Research

Graying Globe: Zachary Zimmer Examines Aging Around the World

December 2012Diana Austin

In their upcoming book, Global Ageing in the Twenty-First Century, Zachary Zimmer, a professor in the Department of Social and Behavioral Sciences at UCSF School of Nursing, and co-editor Susan McDaniel call the aging of the world’s population “among the most important phenomena driving policy around the world over the next number of decades.”

Zimmer has spent nearly two decades looking at the demographics of aging. He has come to understand that where and how people age deeply affects their health – and, possibly, the health of their descendants.

The Route to Health and Aging

The graying of the global population wasn’t always on Zimmer’s radar screen. He graduated from the University of Winnipeg in 1983 with a degree in criminology, but his travels, subsequent interest in international development, and graduate education eventually led him to a job at the Centre on Aging at the University of Victoria, in British Columbia. This led to a PhD program at the University of Michigan that combined his interest in international development with a newfound interest in the demographics of aging.

When the Population Council – a New York-based nonprofit that conducts and disseminates research about critical health and development issues – hired him to start a demographic program on aging, he had the opportunity to travel for the first time to Cambodia. There, he and colleagues from the University of Michigan and the Royal University of Phnom Penh, with funding from the United Nations Population Fund (UNFPA), did the first nationally representative survey of older people in Cambodia. The study quantified the ongoing population effects of government-perpetrated genocide and other upheavals that took place in Cambodia during the 1970s.

That work led to Zimmer’s becoming an advisor to UNFPA in Cambodia, where he partnered with them and the Cambodian government to look at internal migration patterns for the Cambodian Rural Urban Migration Project. The report, which was published in August 2012, found that rural villages lose an average of 4 percent of their population yearly, while cities are experiencing unprecedented population growth. Cambodia’s capital, Phnom Penh, has seen its population almost double over an eight-year period. The report also made a number of recommendations for policy development, such as implementing programs to support older Cambodians living alone in rural areas, to help the government mitigate negative impacts and capitalize on potential positive impacts of the significant demographic changes taking place in the country.

Urban and Rural Aging

Looking at patterns of internal migration and urbanization is important, says Zimmer, because they can have an effect on the health and well-being of individuals, as well as on the government policies needed to meet the health care needs of those individuals. Much of Zimmer’s recent work has focused on these phenomena.

He was the principal investigator on a project called Urban/Rural Disparities in Health and Mortality in China, which found that the mortality rate is about 30 percent higher among rural Chinese than among urban Chinese, across all age groups. In addition, rural areas in China tend to have higher concentrations of elderly residents, because younger people have increasingly migrated to urban areas, where health care is more accessible.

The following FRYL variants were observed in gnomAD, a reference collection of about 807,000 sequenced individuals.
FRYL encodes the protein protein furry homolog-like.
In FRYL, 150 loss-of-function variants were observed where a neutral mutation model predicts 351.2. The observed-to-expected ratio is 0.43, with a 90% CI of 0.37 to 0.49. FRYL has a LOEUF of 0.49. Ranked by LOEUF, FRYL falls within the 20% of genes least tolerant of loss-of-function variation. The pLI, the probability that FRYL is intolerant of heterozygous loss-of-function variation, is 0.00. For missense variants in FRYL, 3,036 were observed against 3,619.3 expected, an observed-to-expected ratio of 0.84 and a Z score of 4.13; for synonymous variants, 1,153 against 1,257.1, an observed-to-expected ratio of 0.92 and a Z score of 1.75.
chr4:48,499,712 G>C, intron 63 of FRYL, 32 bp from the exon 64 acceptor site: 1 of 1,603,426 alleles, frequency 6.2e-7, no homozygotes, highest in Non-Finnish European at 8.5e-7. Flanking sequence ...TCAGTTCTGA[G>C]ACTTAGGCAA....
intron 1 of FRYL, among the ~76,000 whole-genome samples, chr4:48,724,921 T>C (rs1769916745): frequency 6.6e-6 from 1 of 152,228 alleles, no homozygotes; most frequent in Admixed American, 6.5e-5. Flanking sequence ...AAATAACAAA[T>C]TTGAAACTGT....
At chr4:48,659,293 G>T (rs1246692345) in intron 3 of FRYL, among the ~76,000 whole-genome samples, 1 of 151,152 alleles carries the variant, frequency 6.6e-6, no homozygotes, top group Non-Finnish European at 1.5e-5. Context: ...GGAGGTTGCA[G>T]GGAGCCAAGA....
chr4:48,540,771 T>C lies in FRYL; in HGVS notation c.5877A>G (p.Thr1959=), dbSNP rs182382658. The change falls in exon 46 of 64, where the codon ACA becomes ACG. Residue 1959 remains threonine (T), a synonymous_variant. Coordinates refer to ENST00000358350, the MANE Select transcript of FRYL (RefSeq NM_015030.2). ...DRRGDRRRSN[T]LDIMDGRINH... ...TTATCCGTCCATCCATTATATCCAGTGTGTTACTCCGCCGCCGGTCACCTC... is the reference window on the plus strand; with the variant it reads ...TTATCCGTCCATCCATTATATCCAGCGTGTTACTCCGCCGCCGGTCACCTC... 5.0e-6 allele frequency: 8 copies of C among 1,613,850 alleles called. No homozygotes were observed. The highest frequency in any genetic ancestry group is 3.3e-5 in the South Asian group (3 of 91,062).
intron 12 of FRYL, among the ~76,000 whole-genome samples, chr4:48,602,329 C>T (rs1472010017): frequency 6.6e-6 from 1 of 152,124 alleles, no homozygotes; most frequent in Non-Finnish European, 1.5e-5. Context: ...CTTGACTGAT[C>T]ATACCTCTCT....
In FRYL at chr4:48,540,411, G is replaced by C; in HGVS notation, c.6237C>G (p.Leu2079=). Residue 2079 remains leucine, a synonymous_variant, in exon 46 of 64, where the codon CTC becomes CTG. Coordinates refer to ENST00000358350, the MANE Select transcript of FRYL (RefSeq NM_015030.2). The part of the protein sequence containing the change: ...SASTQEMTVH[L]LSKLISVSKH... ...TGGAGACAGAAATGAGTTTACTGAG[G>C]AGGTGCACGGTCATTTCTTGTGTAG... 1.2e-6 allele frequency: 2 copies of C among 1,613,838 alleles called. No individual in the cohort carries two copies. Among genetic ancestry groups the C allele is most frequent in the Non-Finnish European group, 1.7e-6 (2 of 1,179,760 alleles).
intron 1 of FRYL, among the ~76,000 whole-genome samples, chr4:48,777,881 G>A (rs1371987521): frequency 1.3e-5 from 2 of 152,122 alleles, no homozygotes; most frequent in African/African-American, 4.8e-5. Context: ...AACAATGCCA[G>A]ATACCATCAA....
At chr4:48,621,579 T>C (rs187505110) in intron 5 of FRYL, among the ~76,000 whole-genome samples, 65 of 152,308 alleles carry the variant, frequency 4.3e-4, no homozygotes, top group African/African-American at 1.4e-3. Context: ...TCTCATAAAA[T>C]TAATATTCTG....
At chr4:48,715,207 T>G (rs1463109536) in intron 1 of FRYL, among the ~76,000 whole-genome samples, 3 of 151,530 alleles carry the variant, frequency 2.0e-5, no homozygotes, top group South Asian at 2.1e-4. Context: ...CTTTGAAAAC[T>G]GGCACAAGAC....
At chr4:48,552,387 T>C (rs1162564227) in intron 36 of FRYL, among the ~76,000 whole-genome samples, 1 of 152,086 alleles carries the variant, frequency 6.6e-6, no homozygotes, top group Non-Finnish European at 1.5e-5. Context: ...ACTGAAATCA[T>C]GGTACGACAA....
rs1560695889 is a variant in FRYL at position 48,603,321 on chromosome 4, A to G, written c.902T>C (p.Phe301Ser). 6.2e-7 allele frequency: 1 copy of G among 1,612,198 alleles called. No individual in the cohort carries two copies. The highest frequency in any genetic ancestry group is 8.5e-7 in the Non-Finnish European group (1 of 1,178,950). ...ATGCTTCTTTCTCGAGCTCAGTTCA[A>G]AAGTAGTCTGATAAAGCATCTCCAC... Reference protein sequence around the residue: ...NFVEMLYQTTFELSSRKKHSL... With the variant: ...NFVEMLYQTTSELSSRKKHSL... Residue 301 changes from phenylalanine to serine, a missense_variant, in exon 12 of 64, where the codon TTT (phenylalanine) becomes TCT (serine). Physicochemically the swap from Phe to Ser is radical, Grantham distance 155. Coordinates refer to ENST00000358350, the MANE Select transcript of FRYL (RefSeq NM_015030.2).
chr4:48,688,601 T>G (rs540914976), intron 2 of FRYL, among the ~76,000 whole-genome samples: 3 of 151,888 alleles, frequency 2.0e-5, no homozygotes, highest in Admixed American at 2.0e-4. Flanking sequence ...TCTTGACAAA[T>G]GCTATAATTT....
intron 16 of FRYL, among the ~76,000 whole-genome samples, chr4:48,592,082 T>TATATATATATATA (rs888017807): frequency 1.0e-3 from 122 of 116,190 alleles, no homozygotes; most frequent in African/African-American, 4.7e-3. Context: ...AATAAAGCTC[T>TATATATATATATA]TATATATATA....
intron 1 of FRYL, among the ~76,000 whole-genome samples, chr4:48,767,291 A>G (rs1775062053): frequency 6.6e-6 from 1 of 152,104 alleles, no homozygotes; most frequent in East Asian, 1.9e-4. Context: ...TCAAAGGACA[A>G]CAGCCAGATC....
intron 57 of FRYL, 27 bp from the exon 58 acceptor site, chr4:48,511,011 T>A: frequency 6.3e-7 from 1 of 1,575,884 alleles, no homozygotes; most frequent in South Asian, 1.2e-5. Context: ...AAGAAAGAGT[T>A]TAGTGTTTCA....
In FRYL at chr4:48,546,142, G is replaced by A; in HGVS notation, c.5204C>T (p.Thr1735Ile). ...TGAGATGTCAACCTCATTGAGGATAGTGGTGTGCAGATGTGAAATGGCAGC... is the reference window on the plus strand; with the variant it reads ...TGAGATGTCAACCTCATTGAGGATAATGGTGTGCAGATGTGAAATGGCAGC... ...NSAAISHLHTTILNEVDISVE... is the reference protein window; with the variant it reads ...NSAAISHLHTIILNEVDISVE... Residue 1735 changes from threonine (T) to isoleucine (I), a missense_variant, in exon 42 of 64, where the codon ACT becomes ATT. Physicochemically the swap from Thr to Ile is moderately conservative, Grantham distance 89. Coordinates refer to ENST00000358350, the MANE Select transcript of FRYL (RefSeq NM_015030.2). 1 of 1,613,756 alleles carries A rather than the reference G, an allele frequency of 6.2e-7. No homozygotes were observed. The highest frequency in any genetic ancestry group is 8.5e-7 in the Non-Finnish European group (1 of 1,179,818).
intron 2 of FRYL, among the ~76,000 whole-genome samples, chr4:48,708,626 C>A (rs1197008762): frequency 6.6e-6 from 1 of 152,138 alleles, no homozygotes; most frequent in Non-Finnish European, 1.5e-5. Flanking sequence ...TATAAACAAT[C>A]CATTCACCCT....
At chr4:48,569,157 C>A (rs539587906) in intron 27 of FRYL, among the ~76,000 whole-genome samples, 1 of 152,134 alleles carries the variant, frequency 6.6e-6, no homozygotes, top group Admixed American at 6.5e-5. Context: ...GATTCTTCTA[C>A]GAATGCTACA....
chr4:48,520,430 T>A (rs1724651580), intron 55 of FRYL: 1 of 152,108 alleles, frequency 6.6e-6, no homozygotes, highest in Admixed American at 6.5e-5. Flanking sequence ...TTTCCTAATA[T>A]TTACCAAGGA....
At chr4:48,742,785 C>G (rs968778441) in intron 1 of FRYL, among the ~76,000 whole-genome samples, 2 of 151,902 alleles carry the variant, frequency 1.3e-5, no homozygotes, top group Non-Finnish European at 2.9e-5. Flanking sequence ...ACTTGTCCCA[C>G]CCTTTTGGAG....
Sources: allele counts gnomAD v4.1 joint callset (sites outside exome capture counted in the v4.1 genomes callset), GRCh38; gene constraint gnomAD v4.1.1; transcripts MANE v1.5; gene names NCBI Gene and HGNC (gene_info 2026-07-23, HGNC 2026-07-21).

“We found that people in rural areas had to pay for health care, and people in urban areas generally did not,” says Zimmer. “It was a function of the way China has evolved from its Communist system. People in rural areas traditionally got medical care through communal services. When the system changed, those services went away.” In contrast, in urban areas, most people work for state-run businesses or the government, which provides their health care, and they have greater access to modern facilities and advanced medical care.

In a 2010 study, Zimmer and his co-investigators assessed differences in the functional health status of older Chinese and found substantial advantages for those living in urban areas; they were less likely to have functional limitations and less likely to die during the study period.

Giving Back

Health inequities like these intrigue Zimmer. Research suggests that inequities often persist across generations, and Zimmer is currently the co-investigator on a National Institute on Aging (NIA)-funded study (Early Life Conditions, Survival and Health: A Pedigree-Based Population Study) that looks at long-term causes of health and illness, correlating factors such as a father’s level of education with a child’s health as he or she ages.

“We can find these links that go back generationally,” he says. “If there are inequities, not just in your early years, but if there are inequities in your parents’ generation, you carry them forward.”

This comment provides insight into the job of the demographer, who must look at trends and make predictions so society and government can be better prepared to meet a population’s needs. An important part of Zimmer’s work involves training students to use the tools they need to do those tasks. In addition to teaching and mentoring students at the UCSF School of Nursing, he’s conducted training in data analysis for governments in Cambodia and Myanmar, and has taught statistics in Thailand and the Philippines. He says, “My way of giving back is by working directly with people in those parts of the world to help them build their own generation of scholars and academics.”